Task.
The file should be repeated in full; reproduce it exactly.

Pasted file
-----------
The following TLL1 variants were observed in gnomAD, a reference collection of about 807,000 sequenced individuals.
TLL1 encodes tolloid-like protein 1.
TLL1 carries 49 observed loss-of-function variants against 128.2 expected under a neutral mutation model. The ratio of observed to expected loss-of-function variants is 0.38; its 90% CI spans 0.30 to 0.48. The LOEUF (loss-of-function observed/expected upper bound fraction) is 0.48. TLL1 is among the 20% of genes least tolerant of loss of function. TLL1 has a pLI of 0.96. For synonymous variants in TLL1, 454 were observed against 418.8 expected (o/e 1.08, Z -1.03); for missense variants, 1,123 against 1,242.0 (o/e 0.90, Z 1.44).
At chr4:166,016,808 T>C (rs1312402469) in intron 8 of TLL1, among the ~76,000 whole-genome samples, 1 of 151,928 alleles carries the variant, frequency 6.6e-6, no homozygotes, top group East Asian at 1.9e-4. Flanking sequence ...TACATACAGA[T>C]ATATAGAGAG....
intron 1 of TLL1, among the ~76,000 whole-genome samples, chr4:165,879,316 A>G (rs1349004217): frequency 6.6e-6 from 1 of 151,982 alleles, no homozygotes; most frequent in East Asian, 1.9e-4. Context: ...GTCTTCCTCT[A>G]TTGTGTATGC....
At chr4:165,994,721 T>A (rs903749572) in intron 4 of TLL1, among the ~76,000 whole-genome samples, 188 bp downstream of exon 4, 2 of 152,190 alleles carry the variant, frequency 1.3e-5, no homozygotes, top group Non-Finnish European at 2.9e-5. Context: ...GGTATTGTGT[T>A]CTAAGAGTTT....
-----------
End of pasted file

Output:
The following TLL1 variants were observed in gnomAD, a reference collection of about 807,000 sequenced individuals.
TLL1 encodes tolloid-like protein 1.
TLL1 carries 49 observed loss-of-function variants against 128.2 expected under a neutral mutation model. The ratio of observed to expected loss-of-function variants is 0.38; its 90% CI spans 0.30 to 0.48. The LOEUF (loss-of-function observed/expected upper bound fraction) is 0.48. TLL1 is among the 20% of genes least tolerant of loss of function. TLL1 has a pLI of 0.96. For synonymous variants in TLL1, 454 were observed against 418.8 expected (o/e 1.08, Z -1.03); for missense variants, 1,123 against 1,242.0 (o/e 0.90, Z 1.44).
At chr4:166,016,808 T>C (rs1312402469) in intron 8 of TLL1, among the ~76,000 whole-genome samples, 1 of 151,928 alleles carries the variant, frequency 6.6e-6, no homozygotes, top group East Asian at 1.9e-4. Flanking sequence ...TACATACAGA[T>C]ATATAGAGAG....
intron 1 of TLL1, among the ~76,000 whole-genome samples, chr4:165,879,316 A>G (rs1349004217): frequency 6.6e-6 from 1 of 151,982 alleles, no homozygotes; most frequent in East Asian, 1.9e-4. Context: ...GTCTTCCTCT[A>G]TTGTGTATGC....
At chr4:165,994,721 T>A (rs903749572) in intron 4 of TLL1, among the ~76,000 whole-genome samples, 188 bp downstream of exon 4, 2 of 152,190 alleles carry the variant, frequency 1.3e-5, no homozygotes, top group Non-Finnish European at 2.9e-5. Context: ...GGTATTGTGT[T>A]CTAAGAGTTT....